May contain mild spoilers but I’m not going to tell you the ending.
I was excited to find this book, quite by chance, in the charity shop at the end of my road. I have a lot of time for Margaret Atwood’s dystopian fictions. Her MadAddam Trilogy is one of my favourite books ever. So I dived right into The Heart Goes Last like a child diving into a pool on a hot summer day, without a care in the world.
I was not disappointed, much. The story on paper seems implausible. We would never volunteer to live in a locked community, to spend half our lives in comfortable prisons, to be subject to constant surveillance. Right? Right???
Stan and Charmaine, the married couple and main characters, choose security over freedom. In a nightmare America where recession and offshore finance have reduced most of the cities to the status of post-bankruptcy Detroit, they’re sick of living in their car, fearing for their lives. So the Consilience project seems like a great place to live. But of course, in this nightmare of capitalism gone even wronger than it is now, the creepy 50’s faux-utopia hides ravenous fangs and managerially mandated nightmares. Under the pressure of this bizarre facade, Stan and Charmaine start to crack. Sexual obsession and death tangle them up in convoluted plots and their lives devolve into surreal nightmares of sexbots, brain surgery, Elvis impersonators and undercover agents.
There were moments of this book that made me gasp. Atwood really delves into how humans can do awful things under pressure. Think of the Milgram experiment, or Zimbardo’s prison. Charmaine, a character who would be trite or even irritating without the precisely measured hints to her traumatic past, is an ideal subject for this nexus of control. A sweet woman who genuinely cares about home furnishings, we see how she deludes herself into warping her sense of morality and even reality, in order to carry on living in material comfort and not rock the boat. Being nice, appearing sweet, are weapons of survival that she has learned to wield with great skill. But then again, she might just be being sensible, because people who rock the boat in Consilience tend to disappear.
This book is written from alternating perspectives of Stan and Charmaine, so we see how each of them see each other, how they see themselves, and the contrast. Deliberately written as an ‘everyman’ type of couple, sometimes the simple language of their thoughts can feel like the writer is patronising her own characters. The common man drinks too much beer, likes trimming the hedge, and is pretty damn homophobic. He lusts after women and wishes his wife would give him more sex. The common woman is sexually withholding, finds importance in nail varnish and throw pillows, is somewhat sentimental but tries her best to pamper her husband and keep his spirits up. They are both passive victims of events, rarely making a decision themselves but caught in the webs of machinations of people who do have power. This is a pawn’s eye view of some complicated chess, and at times it left me feeling queasy. Society is conditioning people into this kind of toxic sleepwalking, and come collapse, what will we do? It’s enough to turn you into a prepper, because civilisations do have a nasty habit of collapsing.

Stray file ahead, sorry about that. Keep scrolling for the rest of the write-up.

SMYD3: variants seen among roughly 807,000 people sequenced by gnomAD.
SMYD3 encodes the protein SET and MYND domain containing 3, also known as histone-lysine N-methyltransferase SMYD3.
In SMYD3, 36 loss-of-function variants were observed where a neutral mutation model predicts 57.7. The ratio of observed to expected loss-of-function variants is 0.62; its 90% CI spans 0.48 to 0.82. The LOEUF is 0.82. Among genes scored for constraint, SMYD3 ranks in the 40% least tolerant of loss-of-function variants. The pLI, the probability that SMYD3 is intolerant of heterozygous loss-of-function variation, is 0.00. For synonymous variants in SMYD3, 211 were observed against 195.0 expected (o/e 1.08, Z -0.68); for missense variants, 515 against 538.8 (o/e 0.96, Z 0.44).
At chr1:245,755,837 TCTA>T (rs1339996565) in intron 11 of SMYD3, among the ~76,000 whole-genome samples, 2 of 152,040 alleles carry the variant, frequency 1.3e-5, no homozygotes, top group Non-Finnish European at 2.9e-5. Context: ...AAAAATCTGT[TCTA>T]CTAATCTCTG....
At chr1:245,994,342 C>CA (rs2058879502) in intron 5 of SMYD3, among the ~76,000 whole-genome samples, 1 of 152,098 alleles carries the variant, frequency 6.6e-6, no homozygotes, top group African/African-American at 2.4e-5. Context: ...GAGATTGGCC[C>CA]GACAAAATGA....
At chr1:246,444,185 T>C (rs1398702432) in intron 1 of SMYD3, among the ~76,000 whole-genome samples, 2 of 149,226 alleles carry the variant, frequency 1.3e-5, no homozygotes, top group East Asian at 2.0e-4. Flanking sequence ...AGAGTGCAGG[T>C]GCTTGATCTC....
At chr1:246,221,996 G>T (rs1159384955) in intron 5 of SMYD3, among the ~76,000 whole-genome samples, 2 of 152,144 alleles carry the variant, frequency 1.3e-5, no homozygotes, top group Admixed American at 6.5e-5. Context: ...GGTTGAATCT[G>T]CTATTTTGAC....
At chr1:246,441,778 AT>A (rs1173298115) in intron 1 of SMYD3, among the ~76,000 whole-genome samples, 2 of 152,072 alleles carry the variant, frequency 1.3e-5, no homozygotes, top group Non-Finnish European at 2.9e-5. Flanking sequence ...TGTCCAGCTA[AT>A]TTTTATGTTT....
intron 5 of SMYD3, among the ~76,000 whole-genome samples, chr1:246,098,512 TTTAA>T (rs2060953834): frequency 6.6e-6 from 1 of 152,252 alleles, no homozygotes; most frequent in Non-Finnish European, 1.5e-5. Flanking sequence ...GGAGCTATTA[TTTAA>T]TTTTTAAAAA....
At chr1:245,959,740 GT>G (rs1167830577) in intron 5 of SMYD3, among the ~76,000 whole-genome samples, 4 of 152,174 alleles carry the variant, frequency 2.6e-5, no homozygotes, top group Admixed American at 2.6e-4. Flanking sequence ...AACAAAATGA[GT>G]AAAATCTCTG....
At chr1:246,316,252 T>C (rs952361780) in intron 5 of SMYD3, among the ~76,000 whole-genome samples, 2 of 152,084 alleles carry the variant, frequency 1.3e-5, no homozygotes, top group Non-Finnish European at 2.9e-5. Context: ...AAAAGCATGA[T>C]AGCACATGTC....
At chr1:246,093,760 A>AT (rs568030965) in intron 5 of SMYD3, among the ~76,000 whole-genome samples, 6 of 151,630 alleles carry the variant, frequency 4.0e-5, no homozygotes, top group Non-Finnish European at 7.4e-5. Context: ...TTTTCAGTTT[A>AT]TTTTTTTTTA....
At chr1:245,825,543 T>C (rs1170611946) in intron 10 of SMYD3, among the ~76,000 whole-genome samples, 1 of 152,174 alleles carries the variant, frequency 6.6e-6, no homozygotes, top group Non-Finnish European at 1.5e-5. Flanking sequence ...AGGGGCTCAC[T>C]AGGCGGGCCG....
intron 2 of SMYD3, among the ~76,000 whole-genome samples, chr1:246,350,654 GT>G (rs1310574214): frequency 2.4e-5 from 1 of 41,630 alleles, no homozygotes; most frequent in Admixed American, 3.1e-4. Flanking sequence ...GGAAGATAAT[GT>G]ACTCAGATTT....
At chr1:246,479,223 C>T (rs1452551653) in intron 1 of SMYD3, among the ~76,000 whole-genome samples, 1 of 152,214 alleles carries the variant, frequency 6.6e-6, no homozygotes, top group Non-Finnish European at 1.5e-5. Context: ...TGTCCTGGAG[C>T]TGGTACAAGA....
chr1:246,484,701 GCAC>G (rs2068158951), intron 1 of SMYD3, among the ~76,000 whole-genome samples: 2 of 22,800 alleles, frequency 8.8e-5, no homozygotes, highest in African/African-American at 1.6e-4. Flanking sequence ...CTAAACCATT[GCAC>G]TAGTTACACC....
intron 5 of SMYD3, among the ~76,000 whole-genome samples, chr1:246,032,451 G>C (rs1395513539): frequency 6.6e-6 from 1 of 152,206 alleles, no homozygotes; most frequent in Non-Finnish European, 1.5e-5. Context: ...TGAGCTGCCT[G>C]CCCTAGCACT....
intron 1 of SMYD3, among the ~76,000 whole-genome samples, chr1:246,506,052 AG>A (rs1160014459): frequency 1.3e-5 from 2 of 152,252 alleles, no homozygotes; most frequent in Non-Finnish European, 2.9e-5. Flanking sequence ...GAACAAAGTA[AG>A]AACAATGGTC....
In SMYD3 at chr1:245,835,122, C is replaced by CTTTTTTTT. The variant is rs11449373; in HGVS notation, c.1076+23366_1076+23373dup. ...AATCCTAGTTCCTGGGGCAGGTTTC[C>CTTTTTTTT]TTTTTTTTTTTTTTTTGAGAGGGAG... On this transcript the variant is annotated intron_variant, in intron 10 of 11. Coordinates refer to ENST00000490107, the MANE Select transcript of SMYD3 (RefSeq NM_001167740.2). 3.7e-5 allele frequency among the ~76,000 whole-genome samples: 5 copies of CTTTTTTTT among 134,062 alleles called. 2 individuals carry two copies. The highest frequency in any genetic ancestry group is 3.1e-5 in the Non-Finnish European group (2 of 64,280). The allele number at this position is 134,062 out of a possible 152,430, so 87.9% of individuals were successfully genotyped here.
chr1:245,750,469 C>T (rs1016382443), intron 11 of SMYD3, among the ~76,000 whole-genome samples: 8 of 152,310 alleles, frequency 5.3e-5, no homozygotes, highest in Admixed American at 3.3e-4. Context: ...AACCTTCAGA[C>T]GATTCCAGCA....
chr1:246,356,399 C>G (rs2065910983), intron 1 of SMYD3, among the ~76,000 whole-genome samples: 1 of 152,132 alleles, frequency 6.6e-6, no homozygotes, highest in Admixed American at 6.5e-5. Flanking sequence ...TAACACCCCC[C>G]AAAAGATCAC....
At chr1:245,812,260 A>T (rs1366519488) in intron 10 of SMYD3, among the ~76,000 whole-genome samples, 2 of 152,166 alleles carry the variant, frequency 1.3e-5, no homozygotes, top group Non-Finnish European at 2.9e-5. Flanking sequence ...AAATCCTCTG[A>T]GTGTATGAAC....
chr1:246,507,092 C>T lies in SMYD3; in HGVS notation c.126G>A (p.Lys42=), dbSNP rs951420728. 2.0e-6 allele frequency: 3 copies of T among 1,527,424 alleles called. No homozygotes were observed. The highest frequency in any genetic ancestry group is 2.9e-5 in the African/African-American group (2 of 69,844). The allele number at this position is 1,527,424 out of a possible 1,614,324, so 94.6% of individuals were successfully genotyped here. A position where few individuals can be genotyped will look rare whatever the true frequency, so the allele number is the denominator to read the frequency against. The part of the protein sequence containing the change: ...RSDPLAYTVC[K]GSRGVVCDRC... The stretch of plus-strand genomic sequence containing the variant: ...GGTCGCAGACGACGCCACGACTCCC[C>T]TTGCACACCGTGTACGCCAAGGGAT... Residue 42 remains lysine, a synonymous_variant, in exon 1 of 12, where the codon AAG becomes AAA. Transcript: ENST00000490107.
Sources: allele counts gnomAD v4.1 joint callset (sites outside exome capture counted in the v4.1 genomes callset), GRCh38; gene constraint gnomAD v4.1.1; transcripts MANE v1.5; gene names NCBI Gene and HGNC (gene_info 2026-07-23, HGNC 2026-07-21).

In some ways, this is a twisted love story of betrayal, redemption, kidnap and neurological interventions. In other ways, it is a slapstick romp through a dystopia whose echoes we can already feel pooling in the present. Mega-corporations, government collusion, outsourcing of jobs and off-shoring of capital, are the bad guys in fiction as in real life. Atwood just draws the results of their predation to creative conclusions which are nonetheless still obviously moulded from the clay of our present world.
This is a book full of ideas, some of which could be books in themselves. It started life as a serial, which might explain the slightly uneven pacing. There is fun to be had here, and some thrilling thought experiments, but by the end I was left wondering why. Of course as a writer it’s great fun to treat your characters like a cruel child torturing ants, but there should be some kind of payoff. And in this case, the ending made me angry, and actually detracted from the excellence that was shown elsewhere in the book. It was an unexpected crash-landing into neurotically mawkish cliche and I do not need that in my life.
The Verdict: 3.5/5
A dystopian romp with some great ideas, delicious in parts but slightly undercooked.